Next is raised the issue of property depreciation. The precedent of microchips is used to claim that cyberspace investments should be depreciated rapidly. Current capital depreciation practices are denigrated:
...Yet accounting and tax regulations still require property to be depreciated over periods as long as 30 _years_. The result is a heavy bias in favor of 'heavy industry' and against nimble, fast-moving baby businesses.
The comparison with microchips and small entrepreneurial ventures is patently absurd. Cyberspace Inc is aiming to consolidate ownership of existing infrastructures, and to deploy new cable, fiber, and coax. These are long-range hardware investments by big players, and the above argument for accelerated depreciation make no sense. Such inappropriate tax treatment would amount to yet another giveaway to rich corporations, at the expense of the oft-touted individual. Perhaps small, risk-taking, nimble companies _should_ enjoy more rapid depreciation, but not these corporate giants, aiming as they are to exploit already proven technologies .
In the next section, "The Nature of the Marketplace", the principle of "dynamic competition" is discussed. The principle is very simple, essentially that new kinds of products should be allowed to capture markets from outmoded products, just as the automobile replaced the horse and buggy. The manifesto attempts to present the idea as if it were a major breakthrough in economic theory. It then issues a rallying cry for bold new directions:
The challenge for policy in the 1990s is to permit, even encourage, dynamic competition in every aspect of the cyberspace marketplace.
What the manifesto fails to mention is that the American communications industry is already experiencing _dramatic_ dynamic competition. Cable, cellular, satellite, telephone, and broadcast modalities are increasingly overlapping, evolving, competing, shifting markets around, and bringing down prices. By a strange twist of logic, as we shall see later, the _concept_ of dynamic competition will be used as an argument for increased monopoly control over markets -- for reducing the _actual_ dynamic competition that is working so well today.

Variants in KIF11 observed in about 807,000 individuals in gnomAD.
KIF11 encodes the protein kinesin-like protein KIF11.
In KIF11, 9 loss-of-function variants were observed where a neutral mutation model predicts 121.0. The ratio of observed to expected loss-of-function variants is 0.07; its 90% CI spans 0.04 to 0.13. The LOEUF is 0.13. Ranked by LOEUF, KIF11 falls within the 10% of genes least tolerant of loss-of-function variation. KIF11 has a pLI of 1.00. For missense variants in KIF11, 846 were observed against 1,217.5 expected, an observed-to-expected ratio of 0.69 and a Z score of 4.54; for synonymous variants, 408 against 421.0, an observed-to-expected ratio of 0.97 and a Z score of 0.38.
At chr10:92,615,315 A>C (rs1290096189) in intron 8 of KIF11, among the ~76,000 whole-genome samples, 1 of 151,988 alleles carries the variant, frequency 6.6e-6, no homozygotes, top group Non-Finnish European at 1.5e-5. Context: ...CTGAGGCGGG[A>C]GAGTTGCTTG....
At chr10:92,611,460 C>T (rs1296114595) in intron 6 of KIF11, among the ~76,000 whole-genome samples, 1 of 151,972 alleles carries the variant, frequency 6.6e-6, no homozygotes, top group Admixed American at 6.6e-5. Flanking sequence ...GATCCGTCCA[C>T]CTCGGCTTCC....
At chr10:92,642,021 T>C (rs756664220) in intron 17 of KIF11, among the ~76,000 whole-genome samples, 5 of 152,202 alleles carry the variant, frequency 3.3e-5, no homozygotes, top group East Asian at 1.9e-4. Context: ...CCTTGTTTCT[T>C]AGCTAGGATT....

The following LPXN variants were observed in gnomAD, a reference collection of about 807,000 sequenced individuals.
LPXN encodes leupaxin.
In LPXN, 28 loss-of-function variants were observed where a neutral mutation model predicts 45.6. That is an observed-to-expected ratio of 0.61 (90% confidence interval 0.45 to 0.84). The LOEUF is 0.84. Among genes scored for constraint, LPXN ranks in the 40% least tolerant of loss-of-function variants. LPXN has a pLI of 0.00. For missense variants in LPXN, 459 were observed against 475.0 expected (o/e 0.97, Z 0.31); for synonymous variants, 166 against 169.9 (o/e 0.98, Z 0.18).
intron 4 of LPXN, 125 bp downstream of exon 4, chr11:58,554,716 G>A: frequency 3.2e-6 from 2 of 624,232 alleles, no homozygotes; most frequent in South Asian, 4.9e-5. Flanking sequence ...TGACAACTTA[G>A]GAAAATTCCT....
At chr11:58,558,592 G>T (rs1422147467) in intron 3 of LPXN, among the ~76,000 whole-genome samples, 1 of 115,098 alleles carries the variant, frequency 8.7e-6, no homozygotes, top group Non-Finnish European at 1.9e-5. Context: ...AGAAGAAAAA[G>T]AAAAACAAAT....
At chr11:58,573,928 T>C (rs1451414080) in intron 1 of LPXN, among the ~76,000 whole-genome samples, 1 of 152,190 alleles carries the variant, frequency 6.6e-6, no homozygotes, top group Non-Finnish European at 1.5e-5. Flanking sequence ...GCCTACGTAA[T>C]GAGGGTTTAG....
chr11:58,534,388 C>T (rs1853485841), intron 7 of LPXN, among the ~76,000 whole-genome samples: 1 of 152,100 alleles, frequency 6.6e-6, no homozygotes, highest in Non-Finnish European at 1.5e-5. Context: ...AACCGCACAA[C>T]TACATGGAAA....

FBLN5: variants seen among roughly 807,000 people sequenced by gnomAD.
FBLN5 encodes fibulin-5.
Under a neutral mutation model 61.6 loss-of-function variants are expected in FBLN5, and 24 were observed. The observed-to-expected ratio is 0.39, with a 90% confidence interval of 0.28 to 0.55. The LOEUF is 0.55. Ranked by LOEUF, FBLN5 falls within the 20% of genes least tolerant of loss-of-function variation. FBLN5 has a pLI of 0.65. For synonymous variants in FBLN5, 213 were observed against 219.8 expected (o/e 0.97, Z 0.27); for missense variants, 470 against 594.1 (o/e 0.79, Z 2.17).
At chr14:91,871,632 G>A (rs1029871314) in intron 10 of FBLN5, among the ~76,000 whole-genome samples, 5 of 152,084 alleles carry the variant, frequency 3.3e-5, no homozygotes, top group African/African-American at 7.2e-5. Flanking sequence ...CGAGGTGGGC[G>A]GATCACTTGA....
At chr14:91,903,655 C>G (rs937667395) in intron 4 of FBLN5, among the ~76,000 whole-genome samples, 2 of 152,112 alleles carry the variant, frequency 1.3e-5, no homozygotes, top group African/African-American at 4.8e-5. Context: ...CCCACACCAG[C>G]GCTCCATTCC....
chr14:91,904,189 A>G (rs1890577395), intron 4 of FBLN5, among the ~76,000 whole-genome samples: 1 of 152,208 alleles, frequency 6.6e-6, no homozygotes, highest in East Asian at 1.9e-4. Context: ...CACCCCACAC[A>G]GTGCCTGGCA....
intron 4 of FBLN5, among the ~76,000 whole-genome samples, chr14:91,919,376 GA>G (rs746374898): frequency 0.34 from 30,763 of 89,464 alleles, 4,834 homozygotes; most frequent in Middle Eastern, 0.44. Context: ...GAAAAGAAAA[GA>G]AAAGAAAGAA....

The next section, "The Nature of Freedom", develops several threads. It presents a revisionist version of U.S. and Internet history; it continues the blurring of individual and corporate interests; it continues the demonization of government; it restates the corporate goal of gaining outright ownership of the electromagnetic spectrum; it hints at the monopolist agenda.
In a Second Wave world, it might make sense for government to assume ownership over the broadcast spectrum and demand massive payments from citizens for the right to use it.
Broadcast license fees (hardly massive, by the way) are paid by corporate broadcasters, not citizens. Having laid its propaganda groundwork, the manifesto now freely interchanges individualist and corporate terms with Orwellian impunity. By an incredible stretch of doublethink, handing over the public airwaves to corporate ownership is to be a victory for the individual!
In a Second Wave world, it might make sense for government to prohibit entrepreneurs from entering new markets and providing new services.
In a single sweeping revisionist fantasy, America's remarkable record of supporting innovative entrepreneurs vanishes from history! And the manifesto would have us swallow the premise that billion-dollar telecommunications and media giants are poor, struggling entrepreneurs.
However desirable as an ideal, individual freedom often seemed impractical. The mass institutions of the Second Wave required us to give up freedom in order for the system to "work."
In yet another revisionist fantasy, America's world-famous history of freedom is discounted. And once again individual freedom is praised, as if that had some connection to the corporate agenda being espoused.
The next section, "The Essence of Community", proclaims the notion of distributed communities -- long common on Internet -- as if they were a bold new idea:
No one knows what the Third Wave communities of the future will look like... It is clear, however, that cyberspace will play an important role knitting together in the diverse communities of tomorrow, facilitating the creation of "electronic neighborhoods" bound together not by geography but by shared interests.